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Californian regulatory body issues alert about 17 crypto websites



Californian regulatory body issues alerts about 17 crypto websites
Source: Unsplash

  • The Californian regulatory body has issued 17 alerts over the past two days against potentially fraudulent crypto brokers and websites.
  • As per a CertiK report, 84% of videos on YouTube mentioning front-running bots were scams.

The California Department of Financial Protection and Innovation (DFPI) has issued 17 alerts over the past two days against potentially fraudulent crypto brokers and websites.

Tahoe Digital Exchange, TeleTrade Options, Tony Alin Trading Firm, Hekamenltd/Tosal Markets Limited, Trade 1960, Yong Ying Global Investment Company Limited, Unison FX,, and ZC Exchange are among the crypto platforms that the Californian regulatory body had warned investors of. Besides, and UniSwap LLC are the two copycat versions of credible crypto platforms.

According to the DFPI, these companies appear to be committing fraud against California consumers. It is unusual for the DFPI to issue such a large number of warnings.

The number of crypto scam reports appears to have increased in the latter stages of the year. The DFPI usually issues sporadic warnings about company investigations or alerts about specific incidents.

An elaborate crypto scam

The warnings were issued in response to citizen complaints against crypto brokers and traders, with the DFPI stating that complainants have reported losses ranging from $2,000 to $1.2 million in some cases. The DFPI, on the other hand, only goes so far as to say that these websites appear to be engaging in fraud.

The majority of these complaints are related to pig slaughtering or romance scams. In this type of scam, an individual or a group creates a false online identity in order to establish false relationships or friendships through social media, messaging, and dating apps.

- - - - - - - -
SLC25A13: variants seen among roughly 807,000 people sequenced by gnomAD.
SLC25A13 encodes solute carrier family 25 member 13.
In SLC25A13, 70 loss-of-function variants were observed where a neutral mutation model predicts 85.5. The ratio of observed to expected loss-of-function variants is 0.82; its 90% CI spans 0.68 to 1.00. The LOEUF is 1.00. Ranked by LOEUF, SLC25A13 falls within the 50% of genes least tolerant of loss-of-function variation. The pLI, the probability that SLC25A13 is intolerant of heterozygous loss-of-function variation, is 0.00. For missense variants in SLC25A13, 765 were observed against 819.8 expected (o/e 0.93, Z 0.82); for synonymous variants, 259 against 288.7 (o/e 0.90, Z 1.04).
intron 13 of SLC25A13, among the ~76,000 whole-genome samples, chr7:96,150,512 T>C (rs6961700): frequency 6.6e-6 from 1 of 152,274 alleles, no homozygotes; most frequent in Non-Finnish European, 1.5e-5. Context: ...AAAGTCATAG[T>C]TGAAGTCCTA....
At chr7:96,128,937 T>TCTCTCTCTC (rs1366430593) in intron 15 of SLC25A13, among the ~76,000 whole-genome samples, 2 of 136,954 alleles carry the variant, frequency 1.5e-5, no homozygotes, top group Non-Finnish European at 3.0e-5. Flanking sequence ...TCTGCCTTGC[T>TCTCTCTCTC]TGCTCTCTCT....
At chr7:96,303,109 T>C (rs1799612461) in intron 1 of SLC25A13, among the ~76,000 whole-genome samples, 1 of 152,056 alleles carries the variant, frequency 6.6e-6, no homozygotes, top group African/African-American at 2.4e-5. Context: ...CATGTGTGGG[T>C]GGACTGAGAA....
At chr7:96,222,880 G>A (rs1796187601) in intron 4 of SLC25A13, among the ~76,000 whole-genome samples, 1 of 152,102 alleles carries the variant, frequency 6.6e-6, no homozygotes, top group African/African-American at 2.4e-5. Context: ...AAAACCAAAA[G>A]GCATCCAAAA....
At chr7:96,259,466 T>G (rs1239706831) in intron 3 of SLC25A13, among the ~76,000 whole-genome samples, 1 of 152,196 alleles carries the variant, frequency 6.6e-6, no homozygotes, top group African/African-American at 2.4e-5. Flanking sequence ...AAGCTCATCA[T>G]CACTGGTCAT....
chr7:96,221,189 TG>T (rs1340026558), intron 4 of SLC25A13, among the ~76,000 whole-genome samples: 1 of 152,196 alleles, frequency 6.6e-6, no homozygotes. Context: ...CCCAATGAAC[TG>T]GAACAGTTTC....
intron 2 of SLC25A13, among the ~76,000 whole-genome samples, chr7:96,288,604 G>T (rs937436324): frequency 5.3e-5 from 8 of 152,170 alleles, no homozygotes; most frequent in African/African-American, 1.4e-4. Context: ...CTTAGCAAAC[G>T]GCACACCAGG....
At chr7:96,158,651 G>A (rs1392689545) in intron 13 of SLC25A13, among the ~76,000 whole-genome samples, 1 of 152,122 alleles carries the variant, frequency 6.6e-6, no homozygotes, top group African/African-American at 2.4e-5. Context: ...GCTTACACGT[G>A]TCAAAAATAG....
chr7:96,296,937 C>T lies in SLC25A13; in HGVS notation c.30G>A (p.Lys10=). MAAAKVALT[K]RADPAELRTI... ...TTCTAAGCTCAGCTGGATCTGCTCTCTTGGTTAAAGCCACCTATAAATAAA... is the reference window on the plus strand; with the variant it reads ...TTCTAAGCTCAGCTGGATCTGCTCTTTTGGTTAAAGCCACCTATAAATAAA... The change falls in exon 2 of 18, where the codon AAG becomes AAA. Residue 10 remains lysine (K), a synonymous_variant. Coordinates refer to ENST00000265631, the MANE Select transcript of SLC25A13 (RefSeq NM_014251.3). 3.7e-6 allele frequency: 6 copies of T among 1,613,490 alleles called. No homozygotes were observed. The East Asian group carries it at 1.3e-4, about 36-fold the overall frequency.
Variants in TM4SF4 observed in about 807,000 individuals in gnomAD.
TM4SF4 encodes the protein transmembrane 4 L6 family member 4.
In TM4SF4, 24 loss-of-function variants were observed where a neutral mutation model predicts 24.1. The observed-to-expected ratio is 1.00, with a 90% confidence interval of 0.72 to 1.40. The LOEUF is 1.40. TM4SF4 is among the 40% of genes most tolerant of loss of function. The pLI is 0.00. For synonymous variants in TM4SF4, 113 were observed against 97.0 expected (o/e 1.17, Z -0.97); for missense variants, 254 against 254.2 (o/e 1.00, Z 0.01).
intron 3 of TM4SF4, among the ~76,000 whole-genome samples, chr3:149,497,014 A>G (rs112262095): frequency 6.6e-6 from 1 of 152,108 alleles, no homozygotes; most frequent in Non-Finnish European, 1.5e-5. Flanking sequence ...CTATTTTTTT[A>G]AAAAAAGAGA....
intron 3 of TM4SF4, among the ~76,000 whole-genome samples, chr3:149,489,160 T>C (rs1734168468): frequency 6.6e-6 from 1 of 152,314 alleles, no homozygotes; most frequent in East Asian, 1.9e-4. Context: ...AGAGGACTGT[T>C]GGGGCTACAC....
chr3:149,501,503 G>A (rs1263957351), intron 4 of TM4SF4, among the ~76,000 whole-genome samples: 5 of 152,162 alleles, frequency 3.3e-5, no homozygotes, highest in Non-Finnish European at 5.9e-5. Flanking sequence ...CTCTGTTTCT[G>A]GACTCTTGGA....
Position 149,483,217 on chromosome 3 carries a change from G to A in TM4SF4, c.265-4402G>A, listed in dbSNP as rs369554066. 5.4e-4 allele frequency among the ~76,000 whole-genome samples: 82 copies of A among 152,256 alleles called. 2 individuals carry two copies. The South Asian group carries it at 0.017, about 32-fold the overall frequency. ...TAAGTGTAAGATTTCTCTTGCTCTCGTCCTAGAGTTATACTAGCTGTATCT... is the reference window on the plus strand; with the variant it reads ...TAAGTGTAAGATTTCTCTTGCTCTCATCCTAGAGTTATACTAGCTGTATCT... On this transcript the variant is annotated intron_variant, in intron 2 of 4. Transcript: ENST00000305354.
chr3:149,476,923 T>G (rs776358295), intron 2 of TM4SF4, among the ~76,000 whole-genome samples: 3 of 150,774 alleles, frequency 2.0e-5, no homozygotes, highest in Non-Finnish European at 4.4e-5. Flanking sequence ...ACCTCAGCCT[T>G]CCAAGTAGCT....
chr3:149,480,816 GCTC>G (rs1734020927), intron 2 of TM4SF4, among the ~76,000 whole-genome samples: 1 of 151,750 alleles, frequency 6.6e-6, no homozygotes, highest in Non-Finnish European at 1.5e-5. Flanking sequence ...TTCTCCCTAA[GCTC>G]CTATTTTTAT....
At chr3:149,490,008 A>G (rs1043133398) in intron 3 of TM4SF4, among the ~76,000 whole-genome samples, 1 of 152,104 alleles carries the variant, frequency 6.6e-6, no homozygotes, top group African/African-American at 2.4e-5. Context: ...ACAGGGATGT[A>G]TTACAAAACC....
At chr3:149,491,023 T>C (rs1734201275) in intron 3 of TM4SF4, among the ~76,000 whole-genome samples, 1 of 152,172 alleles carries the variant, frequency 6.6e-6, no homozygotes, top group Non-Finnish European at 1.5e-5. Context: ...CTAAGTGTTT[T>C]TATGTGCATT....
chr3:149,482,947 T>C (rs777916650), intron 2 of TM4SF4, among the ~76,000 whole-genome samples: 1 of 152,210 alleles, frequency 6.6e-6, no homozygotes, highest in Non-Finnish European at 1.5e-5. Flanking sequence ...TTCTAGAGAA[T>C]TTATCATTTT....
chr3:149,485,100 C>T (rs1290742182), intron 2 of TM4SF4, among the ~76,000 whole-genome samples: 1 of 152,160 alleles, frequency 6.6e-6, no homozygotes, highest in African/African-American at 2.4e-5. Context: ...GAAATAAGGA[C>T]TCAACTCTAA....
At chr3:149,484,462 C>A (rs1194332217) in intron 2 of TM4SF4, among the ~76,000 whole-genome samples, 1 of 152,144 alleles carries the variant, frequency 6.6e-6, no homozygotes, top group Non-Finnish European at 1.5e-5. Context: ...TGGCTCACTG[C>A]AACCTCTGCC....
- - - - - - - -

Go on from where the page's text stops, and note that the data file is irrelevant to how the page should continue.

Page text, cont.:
A fraudster would typically spend weeks or months building such phoney kinship in order to gain the victim’s trust before gradually shifting the conversation to investments and enticing them to invest in these fraudulent schemes.

The victim ends up investing in cryptocurrency through a duplicate version of a legitimate website or transferring funds to a bogus wallet address. Finally, the scammer disconnects all forms of communication.

The blockchain security firm CertiK reported early this month that 84% of videos on YouTube mentioning front-running bots were scams, with the number increasing 500% from 28 videos in 2021 to 168 videos in 2022.

“The DFPI urges consumers to exercise extreme caution before responding to any solicitation offering investment or financial services. To check whether an investment or financial service provider is licensed in California” mentions the DFPI.

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Ser Suzuki Shillsalot has 8 years of experience working as a Senior Investigative journalist at The SpamBot Times. He completed a two-hour course in journalism from a popular YouTube video and was one of the few to give it a positive rating. Shillsalot's writings mainly focus on shilling his favourite cryptos and trolling anyone who disagrees with him. P.S - There is a slight possibility the profile pic is AI-generated. You see, this account is primarily used by our freelancer writers and they wish to remain anonymous. Wait, are they Satoshi? :/

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